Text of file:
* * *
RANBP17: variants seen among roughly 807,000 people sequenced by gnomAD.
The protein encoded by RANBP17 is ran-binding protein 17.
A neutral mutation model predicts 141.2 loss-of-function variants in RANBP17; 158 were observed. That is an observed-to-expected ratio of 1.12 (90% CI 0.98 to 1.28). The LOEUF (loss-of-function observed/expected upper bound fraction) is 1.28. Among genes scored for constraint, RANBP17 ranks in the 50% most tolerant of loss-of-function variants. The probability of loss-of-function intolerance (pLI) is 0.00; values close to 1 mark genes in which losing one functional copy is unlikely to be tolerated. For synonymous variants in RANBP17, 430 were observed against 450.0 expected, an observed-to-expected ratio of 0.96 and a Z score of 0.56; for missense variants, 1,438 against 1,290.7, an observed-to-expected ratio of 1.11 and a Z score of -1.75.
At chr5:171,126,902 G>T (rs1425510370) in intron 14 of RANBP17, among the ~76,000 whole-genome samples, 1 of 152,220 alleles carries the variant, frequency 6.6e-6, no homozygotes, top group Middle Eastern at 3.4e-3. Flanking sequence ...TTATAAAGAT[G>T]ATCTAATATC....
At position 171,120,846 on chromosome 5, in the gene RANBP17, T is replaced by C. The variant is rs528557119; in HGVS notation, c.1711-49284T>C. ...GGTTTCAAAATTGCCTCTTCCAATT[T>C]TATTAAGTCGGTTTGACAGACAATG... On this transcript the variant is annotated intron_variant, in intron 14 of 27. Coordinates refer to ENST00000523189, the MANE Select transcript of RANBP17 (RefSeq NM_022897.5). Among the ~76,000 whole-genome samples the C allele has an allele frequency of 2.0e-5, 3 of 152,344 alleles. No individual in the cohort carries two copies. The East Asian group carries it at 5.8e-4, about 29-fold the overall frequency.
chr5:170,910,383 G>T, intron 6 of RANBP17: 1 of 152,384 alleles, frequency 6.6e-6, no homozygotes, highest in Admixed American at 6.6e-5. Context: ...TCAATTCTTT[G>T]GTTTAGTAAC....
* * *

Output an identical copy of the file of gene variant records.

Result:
RANBP17: variants seen among roughly 807,000 people sequenced by gnomAD.
The protein encoded by RANBP17 is ran-binding protein 17.
A neutral mutation model predicts 141.2 loss-of-function variants in RANBP17; 158 were observed. That is an observed-to-expected ratio of 1.12 (90% CI 0.98 to 1.28). The LOEUF (loss-of-function observed/expected upper bound fraction) is 1.28. Among genes scored for constraint, RANBP17 ranks in the 50% most tolerant of loss-of-function variants. The probability of loss-of-function intolerance (pLI) is 0.00; values close to 1 mark genes in which losing one functional copy is unlikely to be tolerated. For synonymous variants in RANBP17, 430 were observed against 450.0 expected, an observed-to-expected ratio of 0.96 and a Z score of 0.56; for missense variants, 1,438 against 1,290.7, an observed-to-expected ratio of 1.11 and a Z score of -1.75.
At chr5:171,126,902 G>T (rs1425510370) in intron 14 of RANBP17, among the ~76,000 whole-genome samples, 1 of 152,220 alleles carries the variant, frequency 6.6e-6, no homozygotes, top group Middle Eastern at 3.4e-3. Flanking sequence ...TTATAAAGAT[G>T]ATCTAATATC....
At position 171,120,846 on chromosome 5, in the gene RANBP17, T is replaced by C. The variant is rs528557119; in HGVS notation, c.1711-49284T>C. ...GGTTTCAAAATTGCCTCTTCCAATT[T>C]TATTAAGTCGGTTTGACAGACAATG... On this transcript the variant is annotated intron_variant, in intron 14 of 27. Coordinates refer to ENST00000523189, the MANE Select transcript of RANBP17 (RefSeq NM_022897.5). Among the ~76,000 whole-genome samples the C allele has an allele frequency of 2.0e-5, 3 of 152,344 alleles. No individual in the cohort carries two copies. The East Asian group carries it at 5.8e-4, about 29-fold the overall frequency.
chr5:170,910,383 G>T, intron 6 of RANBP17: 1 of 152,384 alleles, frequency 6.6e-6, no homozygotes, highest in Admixed American at 6.6e-5. Context: ...TCAATTCTTT[G>T]GTTTAGTAAC....